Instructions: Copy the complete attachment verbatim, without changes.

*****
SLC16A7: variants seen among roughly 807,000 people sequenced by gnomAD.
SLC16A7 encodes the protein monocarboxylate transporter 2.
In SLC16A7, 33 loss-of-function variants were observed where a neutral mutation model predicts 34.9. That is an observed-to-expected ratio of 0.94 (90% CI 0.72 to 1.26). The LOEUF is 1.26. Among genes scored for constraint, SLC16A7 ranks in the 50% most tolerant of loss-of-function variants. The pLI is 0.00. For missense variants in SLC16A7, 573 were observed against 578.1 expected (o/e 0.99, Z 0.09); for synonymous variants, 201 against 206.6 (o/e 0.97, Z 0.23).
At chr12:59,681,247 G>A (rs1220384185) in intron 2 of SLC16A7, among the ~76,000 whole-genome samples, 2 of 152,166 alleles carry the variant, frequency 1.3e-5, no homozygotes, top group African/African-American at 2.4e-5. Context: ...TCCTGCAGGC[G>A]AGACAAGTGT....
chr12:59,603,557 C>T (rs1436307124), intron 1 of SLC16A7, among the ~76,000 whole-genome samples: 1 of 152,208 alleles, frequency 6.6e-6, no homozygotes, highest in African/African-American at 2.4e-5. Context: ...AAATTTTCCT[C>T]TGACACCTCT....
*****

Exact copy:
SLC16A7: variants seen among roughly 807,000 people sequenced by gnomAD.
SLC16A7 encodes the protein monocarboxylate transporter 2.
In SLC16A7, 33 loss-of-function variants were observed where a neutral mutation model predicts 34.9. That is an observed-to-expected ratio of 0.94 (90% CI 0.72 to 1.26). The LOEUF is 1.26. Among genes scored for constraint, SLC16A7 ranks in the 50% most tolerant of loss-of-function variants. The pLI is 0.00. For missense variants in SLC16A7, 573 were observed against 578.1 expected (o/e 0.99, Z 0.09); for synonymous variants, 201 against 206.6 (o/e 0.97, Z 0.23).
At chr12:59,681,247 G>A (rs1220384185) in intron 2 of SLC16A7, among the ~76,000 whole-genome samples, 2 of 152,166 alleles carry the variant, frequency 1.3e-5, no homozygotes, top group African/African-American at 2.4e-5. Context: ...TCCTGCAGGC[G>A]AGACAAGTGT....
chr12:59,603,557 C>T (rs1436307124), intron 1 of SLC16A7, among the ~76,000 whole-genome samples: 1 of 152,208 alleles, frequency 6.6e-6, no homozygotes, highest in African/African-American at 2.4e-5. Context: ...AAATTTTCCT[C>T]TGACACCTCT....